The moment we’ve all been waiting for has finally come. The first strawberries of the season have arrived! And what a day for them to appear.

Today is easily the most beautiful we’ve had so far this year in SF. Of course this means my pictures didn’t turn out as well, since there was too much light. But it also meant I made my first salad of 2010!

Salad FTW!

Salad FTW!

Warm sunshine always inspires me to make salad, but the appearance of cucumbers, sugar snap peas and these adorable bolero carrots helped too.

Bolero Carrots

Bolero Carrots

Mediterranean Cucumbers

Mediterranean Cucumbers

Beyond these new additions, the selection this week at the farmers market wasn’t too different from last week. I’m going take this opportunity to cut this post a bit short and go enjoy the beautiful day. I hope you all have a lovely weekend!

Spring Tomatoes

Spring Tomatoes

Cardoon

Cardoon

Today’s purchases:

Are there strawberries at your market yet?

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Farmers Market Update: Spring Equinox

by | Mar 21, 2010
Cioggia Beets

Cioggia Beets

Last week we sprung ahead and this weekend marks the official spring equinox. Woohoo!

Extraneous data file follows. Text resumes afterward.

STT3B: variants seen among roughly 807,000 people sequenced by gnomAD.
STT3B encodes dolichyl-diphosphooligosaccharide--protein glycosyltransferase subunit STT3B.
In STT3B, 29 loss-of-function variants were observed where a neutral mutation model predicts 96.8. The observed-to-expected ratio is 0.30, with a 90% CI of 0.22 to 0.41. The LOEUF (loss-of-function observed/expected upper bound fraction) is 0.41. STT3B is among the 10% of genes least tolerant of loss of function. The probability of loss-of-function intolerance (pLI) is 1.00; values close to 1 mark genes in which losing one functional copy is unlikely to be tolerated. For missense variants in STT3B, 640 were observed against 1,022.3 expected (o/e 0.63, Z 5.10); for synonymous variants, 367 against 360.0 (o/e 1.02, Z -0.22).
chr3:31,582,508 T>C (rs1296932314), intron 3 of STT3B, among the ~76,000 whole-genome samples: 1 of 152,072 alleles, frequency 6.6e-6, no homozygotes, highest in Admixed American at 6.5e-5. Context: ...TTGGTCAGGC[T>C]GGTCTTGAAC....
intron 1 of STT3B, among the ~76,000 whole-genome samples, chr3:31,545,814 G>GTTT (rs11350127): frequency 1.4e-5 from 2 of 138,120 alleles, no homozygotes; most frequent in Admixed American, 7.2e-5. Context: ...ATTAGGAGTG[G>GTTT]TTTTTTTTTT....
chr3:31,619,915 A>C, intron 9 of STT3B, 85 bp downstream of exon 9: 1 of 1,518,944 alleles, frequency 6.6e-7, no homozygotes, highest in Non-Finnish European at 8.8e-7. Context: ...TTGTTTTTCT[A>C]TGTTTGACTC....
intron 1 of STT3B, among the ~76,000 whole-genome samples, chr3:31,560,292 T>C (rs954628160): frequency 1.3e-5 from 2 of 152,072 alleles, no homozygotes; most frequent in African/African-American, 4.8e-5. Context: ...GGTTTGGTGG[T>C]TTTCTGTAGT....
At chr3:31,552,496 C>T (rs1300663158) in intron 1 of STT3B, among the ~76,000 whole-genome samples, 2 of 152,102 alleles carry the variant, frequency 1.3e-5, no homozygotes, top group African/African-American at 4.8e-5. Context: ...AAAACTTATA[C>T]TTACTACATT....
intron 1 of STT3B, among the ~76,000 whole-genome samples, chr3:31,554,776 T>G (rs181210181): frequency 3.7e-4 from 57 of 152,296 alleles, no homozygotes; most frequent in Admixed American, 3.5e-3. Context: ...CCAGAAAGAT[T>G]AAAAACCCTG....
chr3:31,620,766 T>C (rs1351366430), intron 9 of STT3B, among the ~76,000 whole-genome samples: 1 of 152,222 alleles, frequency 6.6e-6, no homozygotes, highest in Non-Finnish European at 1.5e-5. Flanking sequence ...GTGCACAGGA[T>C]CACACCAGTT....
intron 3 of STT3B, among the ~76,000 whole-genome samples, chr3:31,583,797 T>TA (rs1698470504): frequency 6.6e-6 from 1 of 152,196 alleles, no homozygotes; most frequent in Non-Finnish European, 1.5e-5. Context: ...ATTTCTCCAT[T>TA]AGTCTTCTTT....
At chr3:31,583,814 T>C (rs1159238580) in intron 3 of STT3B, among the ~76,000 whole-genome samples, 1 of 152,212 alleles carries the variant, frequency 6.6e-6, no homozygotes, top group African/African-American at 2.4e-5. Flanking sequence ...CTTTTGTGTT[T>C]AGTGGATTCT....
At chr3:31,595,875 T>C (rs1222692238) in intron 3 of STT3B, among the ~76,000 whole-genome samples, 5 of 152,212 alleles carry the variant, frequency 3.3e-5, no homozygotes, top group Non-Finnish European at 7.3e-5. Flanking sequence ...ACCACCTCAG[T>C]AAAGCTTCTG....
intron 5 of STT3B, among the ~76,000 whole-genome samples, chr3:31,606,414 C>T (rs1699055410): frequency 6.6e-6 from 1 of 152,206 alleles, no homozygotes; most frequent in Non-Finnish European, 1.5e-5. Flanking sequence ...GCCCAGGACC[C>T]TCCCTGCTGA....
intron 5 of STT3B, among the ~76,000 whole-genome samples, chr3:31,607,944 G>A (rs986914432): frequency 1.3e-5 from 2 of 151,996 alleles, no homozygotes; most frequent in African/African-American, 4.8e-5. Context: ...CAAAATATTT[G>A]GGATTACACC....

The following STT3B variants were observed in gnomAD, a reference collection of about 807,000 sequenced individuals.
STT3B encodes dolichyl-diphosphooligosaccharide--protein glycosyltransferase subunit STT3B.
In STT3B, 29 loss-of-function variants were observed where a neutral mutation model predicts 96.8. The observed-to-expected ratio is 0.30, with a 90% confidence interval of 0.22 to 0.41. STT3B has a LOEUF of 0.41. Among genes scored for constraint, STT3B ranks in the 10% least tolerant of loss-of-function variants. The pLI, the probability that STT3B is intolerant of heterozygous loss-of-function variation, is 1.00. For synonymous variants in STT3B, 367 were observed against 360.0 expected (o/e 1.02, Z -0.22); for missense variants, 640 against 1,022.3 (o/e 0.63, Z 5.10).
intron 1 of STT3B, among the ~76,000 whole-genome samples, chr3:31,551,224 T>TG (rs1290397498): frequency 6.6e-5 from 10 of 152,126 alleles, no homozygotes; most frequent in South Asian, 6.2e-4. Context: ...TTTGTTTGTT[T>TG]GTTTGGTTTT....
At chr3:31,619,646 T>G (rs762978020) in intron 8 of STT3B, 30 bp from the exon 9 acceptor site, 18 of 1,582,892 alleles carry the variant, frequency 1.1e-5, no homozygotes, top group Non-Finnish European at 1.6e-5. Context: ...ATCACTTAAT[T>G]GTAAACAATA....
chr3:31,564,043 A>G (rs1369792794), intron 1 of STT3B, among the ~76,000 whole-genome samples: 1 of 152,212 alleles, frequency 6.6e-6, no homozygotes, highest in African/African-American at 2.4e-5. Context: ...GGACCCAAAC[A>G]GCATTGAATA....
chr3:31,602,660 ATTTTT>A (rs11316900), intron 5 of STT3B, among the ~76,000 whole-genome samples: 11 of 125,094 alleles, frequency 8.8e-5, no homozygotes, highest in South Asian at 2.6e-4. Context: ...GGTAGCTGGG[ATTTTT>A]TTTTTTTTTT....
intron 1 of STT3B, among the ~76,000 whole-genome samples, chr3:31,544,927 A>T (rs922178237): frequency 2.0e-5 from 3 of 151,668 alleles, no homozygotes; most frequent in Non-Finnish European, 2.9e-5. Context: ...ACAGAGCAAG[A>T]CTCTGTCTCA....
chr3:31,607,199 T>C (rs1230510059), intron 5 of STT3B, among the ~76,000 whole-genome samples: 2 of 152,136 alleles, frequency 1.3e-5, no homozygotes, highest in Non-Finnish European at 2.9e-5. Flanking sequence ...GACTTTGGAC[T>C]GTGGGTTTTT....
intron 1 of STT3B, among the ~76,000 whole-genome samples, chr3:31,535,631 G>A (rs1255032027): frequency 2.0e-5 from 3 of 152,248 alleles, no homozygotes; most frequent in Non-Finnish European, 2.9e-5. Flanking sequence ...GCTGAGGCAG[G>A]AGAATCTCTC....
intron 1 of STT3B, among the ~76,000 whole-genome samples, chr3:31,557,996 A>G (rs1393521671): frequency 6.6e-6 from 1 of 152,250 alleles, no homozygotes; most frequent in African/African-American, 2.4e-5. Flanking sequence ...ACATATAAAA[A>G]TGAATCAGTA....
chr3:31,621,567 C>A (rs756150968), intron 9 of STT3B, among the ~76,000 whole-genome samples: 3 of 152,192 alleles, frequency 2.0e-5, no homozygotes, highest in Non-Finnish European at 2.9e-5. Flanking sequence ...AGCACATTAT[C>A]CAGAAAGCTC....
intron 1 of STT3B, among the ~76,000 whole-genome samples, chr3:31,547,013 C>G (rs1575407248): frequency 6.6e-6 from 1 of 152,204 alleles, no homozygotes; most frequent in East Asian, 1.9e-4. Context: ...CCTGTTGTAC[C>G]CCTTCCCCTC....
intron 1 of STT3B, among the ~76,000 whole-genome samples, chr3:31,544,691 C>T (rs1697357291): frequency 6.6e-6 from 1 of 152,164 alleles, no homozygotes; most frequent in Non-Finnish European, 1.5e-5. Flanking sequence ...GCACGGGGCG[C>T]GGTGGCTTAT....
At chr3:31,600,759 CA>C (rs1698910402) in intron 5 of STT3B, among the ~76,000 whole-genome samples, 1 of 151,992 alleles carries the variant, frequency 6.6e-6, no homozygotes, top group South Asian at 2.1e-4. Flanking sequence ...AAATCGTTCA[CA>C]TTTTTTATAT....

We have had absolutely spectacular weather here in San Francisco, which could not feel better after the months of rain we endured.

To celebrate I got myself some morel mushrooms, one of the true delicacies of springtime. Excitement is an understatement.

Organic Chard

Organic Chard

Morel Mushrooms

Morel Mushrooms

Another vegetable I couldn’t resist this afternoon were the beets. I am not particularly in the mood for beets, but they were everywhere and looked beautiful. I got one bunch of the lovely white and pink striped cioggia beets and one standard red bunch. Naturally I will use both the roots and the leaves.

Beet greens are an awesome substitute for chard or spinach. If you’ve never tried them I highly recommend it.

Beyond beets, other root vegetables including carrots, celery root and onions are in season and as sweet as they will be all year.

Shallots

Shallots

Carrots, Fennel & Celery Root

Carrots, Fennel & Celery Root

I’m also really enjoying the delicate little broccoli I’ve been finding lately. These little guys are sweeter and more tender than the big broccoli crowns. I can’t go a week without getting a bag full. You can also find this Italian variety, broccoli di Ciccio (the sign is spelled wrong). The flowers, of course, are edible.

Broccoli di Ciccio

Broccoli di Ciccio

Artichokes are something else you shouldn’t miss this time of year. The big ones are great, but I also love to cook up some baby artichokes with leeks and walnuts as a side dish or pasta topping.

Leeks

Leeks

Large Organic Artichokes

Large Organic Artichokes

And no talk of springtime is complete without mentioning asparagus. I have a wonderful recipe for balsamic asparagus and carrots. It’s very simple and incredibly delicious.

Asparagus

Asparagus

Finally, don’t forget about all the wonderful citrus, it will be disappearing in the coming weeks.

Kumquats

Kumquats

Navel Oranges

Navel Oranges

Today’s purchases:

Cutest Pug Ever

Cutest Pug Ever